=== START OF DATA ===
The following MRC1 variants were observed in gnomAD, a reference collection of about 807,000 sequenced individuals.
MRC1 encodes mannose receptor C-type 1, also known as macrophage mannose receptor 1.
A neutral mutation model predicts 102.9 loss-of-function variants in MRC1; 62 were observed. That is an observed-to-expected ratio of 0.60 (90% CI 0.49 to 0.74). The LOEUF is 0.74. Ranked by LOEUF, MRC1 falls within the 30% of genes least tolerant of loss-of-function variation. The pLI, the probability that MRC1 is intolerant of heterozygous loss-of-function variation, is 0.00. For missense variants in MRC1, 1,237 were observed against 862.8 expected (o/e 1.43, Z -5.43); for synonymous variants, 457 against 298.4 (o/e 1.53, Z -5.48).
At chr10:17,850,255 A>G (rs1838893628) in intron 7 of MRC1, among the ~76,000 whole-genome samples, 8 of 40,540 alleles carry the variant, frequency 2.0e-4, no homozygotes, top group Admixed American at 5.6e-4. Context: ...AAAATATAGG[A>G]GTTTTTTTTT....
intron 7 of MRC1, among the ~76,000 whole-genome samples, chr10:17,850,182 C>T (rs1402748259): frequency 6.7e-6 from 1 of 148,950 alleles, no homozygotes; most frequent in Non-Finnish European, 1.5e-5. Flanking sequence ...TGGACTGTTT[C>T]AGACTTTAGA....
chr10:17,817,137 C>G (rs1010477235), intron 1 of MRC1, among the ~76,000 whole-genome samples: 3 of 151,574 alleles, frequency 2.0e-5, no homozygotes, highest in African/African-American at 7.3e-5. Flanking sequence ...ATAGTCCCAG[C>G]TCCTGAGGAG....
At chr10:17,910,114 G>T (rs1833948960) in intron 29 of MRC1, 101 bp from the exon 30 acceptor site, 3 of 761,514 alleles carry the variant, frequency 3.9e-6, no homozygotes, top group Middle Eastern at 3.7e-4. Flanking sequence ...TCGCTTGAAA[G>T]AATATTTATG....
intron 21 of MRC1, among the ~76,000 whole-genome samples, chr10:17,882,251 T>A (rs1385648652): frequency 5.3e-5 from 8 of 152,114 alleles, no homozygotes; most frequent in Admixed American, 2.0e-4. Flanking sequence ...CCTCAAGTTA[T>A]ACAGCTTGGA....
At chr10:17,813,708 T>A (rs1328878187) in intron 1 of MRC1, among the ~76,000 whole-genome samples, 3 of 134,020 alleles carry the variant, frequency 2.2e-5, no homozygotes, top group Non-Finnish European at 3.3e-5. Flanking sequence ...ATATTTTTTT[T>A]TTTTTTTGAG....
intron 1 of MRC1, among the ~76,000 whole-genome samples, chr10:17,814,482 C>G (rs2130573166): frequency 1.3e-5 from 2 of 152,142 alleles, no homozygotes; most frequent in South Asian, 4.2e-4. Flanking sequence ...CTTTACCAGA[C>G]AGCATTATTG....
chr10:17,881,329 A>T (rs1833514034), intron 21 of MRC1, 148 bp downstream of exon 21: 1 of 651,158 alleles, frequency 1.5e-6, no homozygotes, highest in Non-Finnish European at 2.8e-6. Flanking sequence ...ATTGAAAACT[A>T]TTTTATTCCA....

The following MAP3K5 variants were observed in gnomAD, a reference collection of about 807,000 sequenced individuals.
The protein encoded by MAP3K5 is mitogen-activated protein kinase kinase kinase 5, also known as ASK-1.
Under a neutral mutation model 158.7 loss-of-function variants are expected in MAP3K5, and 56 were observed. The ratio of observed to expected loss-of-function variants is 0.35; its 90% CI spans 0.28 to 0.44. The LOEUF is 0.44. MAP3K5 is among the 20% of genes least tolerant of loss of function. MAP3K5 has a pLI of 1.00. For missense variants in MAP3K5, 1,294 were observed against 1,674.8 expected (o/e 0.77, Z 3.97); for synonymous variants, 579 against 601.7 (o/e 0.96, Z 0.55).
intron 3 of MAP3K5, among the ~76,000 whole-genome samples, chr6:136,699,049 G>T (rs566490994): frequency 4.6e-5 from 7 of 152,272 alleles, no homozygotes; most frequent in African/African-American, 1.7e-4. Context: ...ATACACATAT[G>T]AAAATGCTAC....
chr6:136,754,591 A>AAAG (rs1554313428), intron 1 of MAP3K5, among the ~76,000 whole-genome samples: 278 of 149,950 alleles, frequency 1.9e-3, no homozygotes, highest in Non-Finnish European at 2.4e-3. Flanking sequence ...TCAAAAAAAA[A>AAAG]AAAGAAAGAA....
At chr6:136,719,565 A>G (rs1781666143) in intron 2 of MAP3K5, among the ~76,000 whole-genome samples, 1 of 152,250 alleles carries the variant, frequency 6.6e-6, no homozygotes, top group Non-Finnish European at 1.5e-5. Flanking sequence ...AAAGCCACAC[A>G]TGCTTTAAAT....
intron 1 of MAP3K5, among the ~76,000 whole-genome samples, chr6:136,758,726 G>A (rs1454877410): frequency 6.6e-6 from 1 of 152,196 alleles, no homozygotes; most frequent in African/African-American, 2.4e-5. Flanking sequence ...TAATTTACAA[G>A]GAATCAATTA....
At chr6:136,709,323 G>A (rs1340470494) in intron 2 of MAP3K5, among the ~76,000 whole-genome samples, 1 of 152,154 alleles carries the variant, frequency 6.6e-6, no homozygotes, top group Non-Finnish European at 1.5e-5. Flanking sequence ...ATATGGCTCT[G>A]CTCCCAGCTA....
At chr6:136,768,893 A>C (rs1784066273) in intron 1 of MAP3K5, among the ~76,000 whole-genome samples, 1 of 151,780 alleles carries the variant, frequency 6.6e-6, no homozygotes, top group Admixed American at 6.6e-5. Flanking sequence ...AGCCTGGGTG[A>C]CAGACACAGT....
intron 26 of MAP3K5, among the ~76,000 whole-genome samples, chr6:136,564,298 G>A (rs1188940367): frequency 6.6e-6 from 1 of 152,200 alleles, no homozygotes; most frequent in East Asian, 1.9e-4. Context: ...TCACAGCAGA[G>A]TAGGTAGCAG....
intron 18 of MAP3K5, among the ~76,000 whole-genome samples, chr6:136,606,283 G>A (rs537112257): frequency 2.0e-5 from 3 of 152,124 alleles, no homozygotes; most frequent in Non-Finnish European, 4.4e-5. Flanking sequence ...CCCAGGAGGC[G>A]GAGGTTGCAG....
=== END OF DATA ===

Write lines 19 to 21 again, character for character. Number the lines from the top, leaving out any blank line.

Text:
At chr6:136,709,323 G>A (rs1340470494) in intron 2 of MAP3K5, among the ~76,000 whole-genome samples, 1 of 152,154 alleles carries the variant, frequency 6.6e-6, no homozygotes, top group Non-Finnish European at 1.5e-5. Flanking sequence ...ATATGGCTCT[G>A]CTCCCAGCTA....
At chr6:136,768,893 A>C (rs1784066273) in intron 1 of MAP3K5, among the ~76,000 whole-genome samples, 1 of 151,780 alleles carries the variant, frequency 6.6e-6, no homozygotes, top group Admixed American at 6.6e-5. Flanking sequence ...AGCCTGGGTG[A>C]CAGACACAGT....
intron 26 of MAP3K5, among the ~76,000 whole-genome samples, chr6:136,564,298 G>A (rs1188940367): frequency 6.6e-6 from 1 of 152,200 alleles, no homozygotes; most frequent in East Asian, 1.9e-4. Context: ...TCACAGCAGA[G>A]TAGGTAGCAG....